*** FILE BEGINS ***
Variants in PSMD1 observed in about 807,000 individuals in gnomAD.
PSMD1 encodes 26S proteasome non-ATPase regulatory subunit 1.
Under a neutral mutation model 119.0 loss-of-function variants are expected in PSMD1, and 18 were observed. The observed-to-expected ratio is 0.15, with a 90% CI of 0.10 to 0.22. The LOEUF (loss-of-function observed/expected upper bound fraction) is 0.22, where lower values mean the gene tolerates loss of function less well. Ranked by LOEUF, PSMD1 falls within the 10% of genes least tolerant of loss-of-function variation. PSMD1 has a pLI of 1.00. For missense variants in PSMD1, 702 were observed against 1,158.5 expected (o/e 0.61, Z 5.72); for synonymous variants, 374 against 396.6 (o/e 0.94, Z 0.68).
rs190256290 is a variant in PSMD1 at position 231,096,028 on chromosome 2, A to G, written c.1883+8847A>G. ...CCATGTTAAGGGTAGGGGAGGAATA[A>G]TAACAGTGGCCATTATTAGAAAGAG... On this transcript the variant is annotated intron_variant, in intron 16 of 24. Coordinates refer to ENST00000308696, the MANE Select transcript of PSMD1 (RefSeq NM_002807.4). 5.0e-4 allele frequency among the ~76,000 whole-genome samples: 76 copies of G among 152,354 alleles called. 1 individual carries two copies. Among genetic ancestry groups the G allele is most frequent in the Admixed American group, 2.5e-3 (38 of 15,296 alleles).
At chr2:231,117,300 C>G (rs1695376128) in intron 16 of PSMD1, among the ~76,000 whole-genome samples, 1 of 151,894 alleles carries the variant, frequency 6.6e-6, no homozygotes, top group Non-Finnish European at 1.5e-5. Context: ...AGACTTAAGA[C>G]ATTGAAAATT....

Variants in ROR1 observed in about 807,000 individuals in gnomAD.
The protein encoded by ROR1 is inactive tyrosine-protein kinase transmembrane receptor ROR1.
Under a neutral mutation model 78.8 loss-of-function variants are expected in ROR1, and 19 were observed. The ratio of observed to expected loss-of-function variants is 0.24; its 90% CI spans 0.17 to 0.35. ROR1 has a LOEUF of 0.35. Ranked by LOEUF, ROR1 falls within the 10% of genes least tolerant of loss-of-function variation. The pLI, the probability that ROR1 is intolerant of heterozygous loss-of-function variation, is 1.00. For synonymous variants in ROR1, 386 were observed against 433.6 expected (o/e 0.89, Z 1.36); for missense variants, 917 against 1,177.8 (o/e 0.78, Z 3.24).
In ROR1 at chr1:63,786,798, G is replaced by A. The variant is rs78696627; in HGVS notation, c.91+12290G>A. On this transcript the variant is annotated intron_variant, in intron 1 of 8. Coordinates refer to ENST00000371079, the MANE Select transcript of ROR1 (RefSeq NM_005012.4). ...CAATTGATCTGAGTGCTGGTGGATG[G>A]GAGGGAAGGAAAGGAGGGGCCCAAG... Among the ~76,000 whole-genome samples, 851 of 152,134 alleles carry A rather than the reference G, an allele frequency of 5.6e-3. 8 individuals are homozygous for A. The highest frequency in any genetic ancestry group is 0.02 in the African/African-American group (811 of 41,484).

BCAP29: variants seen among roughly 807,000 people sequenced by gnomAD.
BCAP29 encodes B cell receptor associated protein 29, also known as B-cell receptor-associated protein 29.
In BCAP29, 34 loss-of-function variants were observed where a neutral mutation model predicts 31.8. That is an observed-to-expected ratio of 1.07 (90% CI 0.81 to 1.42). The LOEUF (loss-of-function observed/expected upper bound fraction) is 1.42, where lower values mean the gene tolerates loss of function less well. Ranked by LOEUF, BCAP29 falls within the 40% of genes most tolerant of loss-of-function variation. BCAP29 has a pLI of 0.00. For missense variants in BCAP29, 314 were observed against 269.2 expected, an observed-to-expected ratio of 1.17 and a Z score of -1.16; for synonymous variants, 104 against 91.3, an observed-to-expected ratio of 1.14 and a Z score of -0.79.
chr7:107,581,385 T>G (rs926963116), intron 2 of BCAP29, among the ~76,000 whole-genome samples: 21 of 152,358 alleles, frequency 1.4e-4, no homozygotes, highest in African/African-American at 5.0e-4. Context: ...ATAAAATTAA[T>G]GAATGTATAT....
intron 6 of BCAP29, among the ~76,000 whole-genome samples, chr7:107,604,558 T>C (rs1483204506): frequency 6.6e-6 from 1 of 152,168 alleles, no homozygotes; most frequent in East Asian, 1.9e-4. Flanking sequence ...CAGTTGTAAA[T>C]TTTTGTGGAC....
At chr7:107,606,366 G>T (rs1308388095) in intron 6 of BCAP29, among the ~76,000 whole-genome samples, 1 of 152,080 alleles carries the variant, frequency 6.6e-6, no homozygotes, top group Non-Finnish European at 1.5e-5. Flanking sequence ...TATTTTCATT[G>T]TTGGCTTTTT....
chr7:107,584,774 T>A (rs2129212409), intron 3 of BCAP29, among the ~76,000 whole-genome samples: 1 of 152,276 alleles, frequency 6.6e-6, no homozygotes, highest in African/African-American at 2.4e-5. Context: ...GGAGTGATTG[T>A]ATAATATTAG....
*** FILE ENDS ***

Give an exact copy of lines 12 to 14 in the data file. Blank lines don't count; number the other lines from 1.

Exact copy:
In BCAP29, 34 loss-of-function variants were observed where a neutral mutation model predicts 31.8. That is an observed-to-expected ratio of 1.07 (90% CI 0.81 to 1.42). The LOEUF (loss-of-function observed/expected upper bound fraction) is 1.42, where lower values mean the gene tolerates loss of function less well. Ranked by LOEUF, BCAP29 falls within the 40% of genes most tolerant of loss-of-function variation. BCAP29 has a pLI of 0.00. For missense variants in BCAP29, 314 were observed against 269.2 expected, an observed-to-expected ratio of 1.17 and a Z score of -1.16; for synonymous variants, 104 against 91.3, an observed-to-expected ratio of 1.14 and a Z score of -0.79.
chr7:107,581,385 T>G (rs926963116), intron 2 of BCAP29, among the ~76,000 whole-genome samples: 21 of 152,358 alleles, frequency 1.4e-4, no homozygotes, highest in African/African-American at 5.0e-4. Context: ...ATAAAATTAA[T>G]GAATGTATAT....
intron 6 of BCAP29, among the ~76,000 whole-genome samples, chr7:107,604,558 T>C (rs1483204506): frequency 6.6e-6 from 1 of 152,168 alleles, no homozygotes; most frequent in East Asian, 1.9e-4. Flanking sequence ...CAGTTGTAAA[T>C]TTTTGTGGAC....